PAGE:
SEOUL, South Korea – North Koreans are hungry for movies and soap operas from South Korea and are smuggling them into the reclusive country at a rapid rate – even at the risk of public execution, a Seoul think-tank said Thursday.
The regime in Pyongyang has mobilized inspection teams to “purge” border cities of those smuggling in illegal foreign films and has publicly executed offenders as a warning against black market dealings in South Korean videos, the Korea Institute for National Unification said.
Still, despite the threat of punishment, many North Koreans are secretly watching smuggled videos, the South Korean government-affiliated institute said in its latest report on the human rights situation in the North.
“Many defectors testified that secret viewing of South Korean movies and TV dramas is rapidly spreading all over North Korea,” the report said. North Koreans are buying cheap, Chinese-made videocassette players, swapping smuggled tapes, and if caught, are paying off security agents or letting them watch the tapes themselves, it said.
South Korean pop culture – from TV dramas, horror films and “K-pop” music – is popular in much of Asia, from the Philippines to Japan.
Even North Korean leader Kim Jong Il, a reputed movie buff said to own a library stocked with more than 20,000 films, reportedly enjoys South Korean films. In 2007, the then-South Korean President Roh Moo-hyun gave Kim a gift of DVDs of popular South Korean films during their summit, according Roh’s former spokesman, Chun Ho-seon.
But communist North Korea’s leaders have long tried to keep unwanted outside influences from seeping into the isolated country, particularly from rival South Korea, for fears the influx could undermine Kim’s authoritarian hold over the nation of 24 million.
North Korea is one of the world’s most closed countries. Few North Koreans are allowed to travel outside the country – or even to exchange phone calls, letters or email with people in other nations.
It remains in a state of war with South Korea because their three-year war ended in a truce, not a peace treaty, in 1953. Six decades later, North Korea is one of the world’s poorest nations; South Korea has the world’s 13th largest economy.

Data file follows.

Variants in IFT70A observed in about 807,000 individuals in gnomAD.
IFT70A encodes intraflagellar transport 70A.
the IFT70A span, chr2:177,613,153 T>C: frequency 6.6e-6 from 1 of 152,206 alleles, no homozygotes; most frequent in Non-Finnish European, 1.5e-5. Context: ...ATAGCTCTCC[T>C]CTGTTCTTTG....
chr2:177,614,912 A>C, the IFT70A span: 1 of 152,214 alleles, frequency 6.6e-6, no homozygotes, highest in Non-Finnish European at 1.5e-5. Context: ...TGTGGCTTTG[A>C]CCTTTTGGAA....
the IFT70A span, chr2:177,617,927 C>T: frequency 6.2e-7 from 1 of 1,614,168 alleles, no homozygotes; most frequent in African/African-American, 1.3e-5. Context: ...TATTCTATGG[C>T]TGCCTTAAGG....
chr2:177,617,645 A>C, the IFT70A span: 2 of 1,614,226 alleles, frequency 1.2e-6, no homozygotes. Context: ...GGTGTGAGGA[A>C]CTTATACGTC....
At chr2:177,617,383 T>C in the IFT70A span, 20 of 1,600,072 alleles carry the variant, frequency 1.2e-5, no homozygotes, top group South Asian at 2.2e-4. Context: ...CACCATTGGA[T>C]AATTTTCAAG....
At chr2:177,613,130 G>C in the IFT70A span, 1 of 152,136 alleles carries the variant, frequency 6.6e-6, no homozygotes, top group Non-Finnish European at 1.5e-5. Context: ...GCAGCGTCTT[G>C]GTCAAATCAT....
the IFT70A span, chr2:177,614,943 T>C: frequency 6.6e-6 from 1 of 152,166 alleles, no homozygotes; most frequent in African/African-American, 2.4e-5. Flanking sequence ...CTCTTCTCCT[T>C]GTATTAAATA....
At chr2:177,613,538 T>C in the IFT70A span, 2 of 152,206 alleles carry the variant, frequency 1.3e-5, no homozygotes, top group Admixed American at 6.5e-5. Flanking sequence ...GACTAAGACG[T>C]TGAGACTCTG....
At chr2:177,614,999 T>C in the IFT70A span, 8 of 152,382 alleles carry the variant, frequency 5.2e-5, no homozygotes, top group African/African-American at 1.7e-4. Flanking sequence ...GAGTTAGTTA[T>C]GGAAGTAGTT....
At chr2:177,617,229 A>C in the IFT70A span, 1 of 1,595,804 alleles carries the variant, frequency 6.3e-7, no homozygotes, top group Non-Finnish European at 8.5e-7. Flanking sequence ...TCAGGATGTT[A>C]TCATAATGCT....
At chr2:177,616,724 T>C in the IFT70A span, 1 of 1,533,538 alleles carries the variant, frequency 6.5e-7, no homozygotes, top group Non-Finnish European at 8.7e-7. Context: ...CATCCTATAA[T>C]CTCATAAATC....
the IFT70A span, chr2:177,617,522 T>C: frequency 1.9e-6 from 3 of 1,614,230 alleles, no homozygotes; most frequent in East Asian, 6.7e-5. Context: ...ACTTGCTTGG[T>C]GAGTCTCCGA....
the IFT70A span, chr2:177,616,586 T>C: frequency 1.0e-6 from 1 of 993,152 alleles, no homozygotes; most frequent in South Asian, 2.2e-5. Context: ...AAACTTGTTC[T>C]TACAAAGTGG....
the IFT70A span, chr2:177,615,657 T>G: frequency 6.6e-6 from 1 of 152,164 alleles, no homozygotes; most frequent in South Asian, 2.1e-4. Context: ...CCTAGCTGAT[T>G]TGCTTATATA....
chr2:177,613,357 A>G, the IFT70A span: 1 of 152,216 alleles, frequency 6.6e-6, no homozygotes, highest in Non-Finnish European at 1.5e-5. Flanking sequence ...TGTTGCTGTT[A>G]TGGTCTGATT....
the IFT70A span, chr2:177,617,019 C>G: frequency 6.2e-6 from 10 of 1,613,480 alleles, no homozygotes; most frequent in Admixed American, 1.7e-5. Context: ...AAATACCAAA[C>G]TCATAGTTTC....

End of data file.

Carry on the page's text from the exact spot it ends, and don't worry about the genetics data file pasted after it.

The regime bans its citizens from watching South Korean recordings and from listening to South Korean and other foreign radio. North Koreans’ radios and TV sets are fixed to state channels and “if a seal is found broken, the person involved is … treated as a political criminal,” the think-tank said.
“North Korea severely punishes those who circulate outside information to the inside, viewing it as an act that heightens instability to the North Korean system,” Kim Soo-am, a research fellow at the institute, said at a news conference Thursday.
In recent years, authorities have stepped up their monitoring of smuggled videos, engaging in nighttime “search and arrest” sweeps “to prevent the intrusion of anti-Socialist ideas and cultures,” according to a notice posted in one city, the report said.
Those convicted of political crimes face harsh punishment: Thousands are held in prison camps while public executions, though dropping in number in recent years, still are carried out on the most serious offenders, the report said.
Circulating foreign videotapes is among the offences that carry a death penalty.
Despite the threat of hard labour or execution, North Korean defectors say South Korean TV dramas and movies, as well as tapes of South Korean pop songs, are being smuggled into the country through the long, porous border with China.
Even soldiers are secretly watching South Korean movies, the think-tank said.
The demand has spawned a black market for illicit videos. Defectors say cheap VCR machines and videotapes can be purchased discreetly at markets, with some even displaying “CD Sale” signs, the report said. Due to the popularity of videos, VCR repairmen are well-paid in North Korea, the report said.
Indeed, foreign media – radio broadcasts or movies – could pose the biggest threat to Kim’s regime if North Koreans become disillusioned with their country after getting a glimpse of life on the other side of the border, said Peter Beck, a Korean affairs expert who teaches at universities in South Korea and the U.S.
“The control of information is one of the powers that Kim Jong Il has wielded over the last 15 years,” Beck said in Seoul. “His control on flow of information is weakening, and that I think poses a serious threat to his power.”